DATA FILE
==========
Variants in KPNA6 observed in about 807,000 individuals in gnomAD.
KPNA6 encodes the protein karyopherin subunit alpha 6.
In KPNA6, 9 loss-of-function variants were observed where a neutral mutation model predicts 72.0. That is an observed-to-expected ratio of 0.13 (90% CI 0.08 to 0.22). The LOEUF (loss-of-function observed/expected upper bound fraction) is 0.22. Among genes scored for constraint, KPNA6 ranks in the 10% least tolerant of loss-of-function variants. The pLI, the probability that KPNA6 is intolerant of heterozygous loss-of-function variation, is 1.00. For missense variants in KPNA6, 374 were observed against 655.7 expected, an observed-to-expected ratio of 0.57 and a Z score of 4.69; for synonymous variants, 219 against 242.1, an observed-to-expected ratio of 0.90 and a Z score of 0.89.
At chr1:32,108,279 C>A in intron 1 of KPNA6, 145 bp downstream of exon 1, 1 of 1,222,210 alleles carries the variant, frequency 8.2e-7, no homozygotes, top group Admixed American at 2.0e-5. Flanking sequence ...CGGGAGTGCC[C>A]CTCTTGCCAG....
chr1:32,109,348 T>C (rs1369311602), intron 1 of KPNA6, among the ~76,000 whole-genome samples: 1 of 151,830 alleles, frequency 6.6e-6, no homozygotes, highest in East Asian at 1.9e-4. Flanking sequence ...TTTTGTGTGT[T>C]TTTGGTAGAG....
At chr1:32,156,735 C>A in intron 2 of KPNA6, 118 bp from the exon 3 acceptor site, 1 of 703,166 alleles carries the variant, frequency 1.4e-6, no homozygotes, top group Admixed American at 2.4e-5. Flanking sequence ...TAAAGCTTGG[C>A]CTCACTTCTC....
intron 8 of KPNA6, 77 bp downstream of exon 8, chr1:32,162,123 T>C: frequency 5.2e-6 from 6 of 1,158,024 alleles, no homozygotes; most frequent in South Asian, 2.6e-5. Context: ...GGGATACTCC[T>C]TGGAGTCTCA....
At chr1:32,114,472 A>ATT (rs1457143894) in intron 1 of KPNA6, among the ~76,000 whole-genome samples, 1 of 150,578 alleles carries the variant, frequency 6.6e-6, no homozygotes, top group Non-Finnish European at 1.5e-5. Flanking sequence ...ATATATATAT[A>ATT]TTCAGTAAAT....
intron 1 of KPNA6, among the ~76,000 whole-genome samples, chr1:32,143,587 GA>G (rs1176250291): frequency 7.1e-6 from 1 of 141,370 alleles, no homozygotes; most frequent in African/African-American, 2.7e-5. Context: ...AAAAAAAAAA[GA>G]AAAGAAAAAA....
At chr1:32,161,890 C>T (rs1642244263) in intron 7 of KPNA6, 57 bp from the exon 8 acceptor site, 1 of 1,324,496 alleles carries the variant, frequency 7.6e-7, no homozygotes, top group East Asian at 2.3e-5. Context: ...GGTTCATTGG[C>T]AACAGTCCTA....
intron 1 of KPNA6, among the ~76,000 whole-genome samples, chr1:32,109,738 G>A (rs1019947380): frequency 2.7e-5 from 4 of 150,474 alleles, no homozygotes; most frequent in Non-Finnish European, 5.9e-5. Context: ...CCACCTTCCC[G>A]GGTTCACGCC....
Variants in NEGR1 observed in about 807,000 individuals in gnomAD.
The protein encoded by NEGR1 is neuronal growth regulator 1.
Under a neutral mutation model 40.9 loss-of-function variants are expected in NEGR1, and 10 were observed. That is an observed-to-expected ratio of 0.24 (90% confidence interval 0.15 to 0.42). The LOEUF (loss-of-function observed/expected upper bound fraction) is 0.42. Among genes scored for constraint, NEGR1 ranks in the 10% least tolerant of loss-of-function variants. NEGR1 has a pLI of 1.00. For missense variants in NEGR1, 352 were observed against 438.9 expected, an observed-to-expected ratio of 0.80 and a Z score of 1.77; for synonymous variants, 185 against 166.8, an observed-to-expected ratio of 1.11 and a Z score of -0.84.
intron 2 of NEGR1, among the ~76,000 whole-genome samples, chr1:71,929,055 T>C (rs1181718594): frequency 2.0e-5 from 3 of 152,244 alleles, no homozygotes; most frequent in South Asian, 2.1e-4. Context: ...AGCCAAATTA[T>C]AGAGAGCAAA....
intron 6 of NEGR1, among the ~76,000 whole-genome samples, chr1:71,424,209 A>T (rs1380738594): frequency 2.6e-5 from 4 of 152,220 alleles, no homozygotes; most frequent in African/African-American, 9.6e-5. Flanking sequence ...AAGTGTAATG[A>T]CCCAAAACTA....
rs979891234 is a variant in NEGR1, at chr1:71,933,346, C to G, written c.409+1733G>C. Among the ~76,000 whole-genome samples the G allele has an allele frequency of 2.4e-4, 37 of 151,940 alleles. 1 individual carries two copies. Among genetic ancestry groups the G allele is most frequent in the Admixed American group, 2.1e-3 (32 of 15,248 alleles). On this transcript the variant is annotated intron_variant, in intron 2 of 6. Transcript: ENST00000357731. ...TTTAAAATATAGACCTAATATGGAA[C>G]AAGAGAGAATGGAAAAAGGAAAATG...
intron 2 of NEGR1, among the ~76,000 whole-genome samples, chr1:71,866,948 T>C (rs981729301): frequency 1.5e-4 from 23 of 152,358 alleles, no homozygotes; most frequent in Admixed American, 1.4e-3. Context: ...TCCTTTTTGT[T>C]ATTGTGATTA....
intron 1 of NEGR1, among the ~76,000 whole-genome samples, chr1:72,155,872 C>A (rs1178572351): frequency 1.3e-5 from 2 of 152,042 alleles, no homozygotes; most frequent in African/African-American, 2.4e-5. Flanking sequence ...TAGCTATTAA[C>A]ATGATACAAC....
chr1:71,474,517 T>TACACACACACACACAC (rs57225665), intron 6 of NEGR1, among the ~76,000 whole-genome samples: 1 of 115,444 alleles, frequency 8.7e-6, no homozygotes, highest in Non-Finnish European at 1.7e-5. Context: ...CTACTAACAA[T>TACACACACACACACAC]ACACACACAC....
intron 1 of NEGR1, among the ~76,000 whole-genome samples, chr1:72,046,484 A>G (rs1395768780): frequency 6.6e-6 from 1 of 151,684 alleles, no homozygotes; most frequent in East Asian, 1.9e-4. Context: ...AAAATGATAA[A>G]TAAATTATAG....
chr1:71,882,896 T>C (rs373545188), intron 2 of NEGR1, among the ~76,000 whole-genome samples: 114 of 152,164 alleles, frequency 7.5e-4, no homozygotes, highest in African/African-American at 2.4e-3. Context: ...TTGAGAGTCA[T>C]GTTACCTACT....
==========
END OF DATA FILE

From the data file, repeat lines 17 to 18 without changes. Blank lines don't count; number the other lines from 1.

rs979891234 is a variant in NEGR1, at chr1:71,933,346, C to G, written c.409+1733G>C. Among the ~76,000 whole-genome samples the G allele has an allele frequency of 2.4e-4, 37 of 151,940 alleles. 1 individual carries two copies. Among genetic ancestry groups the G allele is most frequent in the Admixed American group, 2.1e-3 (32 of 15,248 alleles). On this transcript the variant is annotated intron_variant, in intron 2 of 6. Transcript: ENST00000357731. ...TTTAAAATATAGACCTAATATGGAA[C>G]AAGAGAGAATGGAAAAAGGAAAATG...
intron 2 of NEGR1, among the ~76,000 whole-genome samples, chr1:71,866,948 T>C (rs981729301): frequency 1.5e-4 from 23 of 152,358 alleles, no homozygotes; most frequent in Admixed American, 1.4e-3. Context: ...TCCTTTTTGT[T>C]ATTGTGATTA....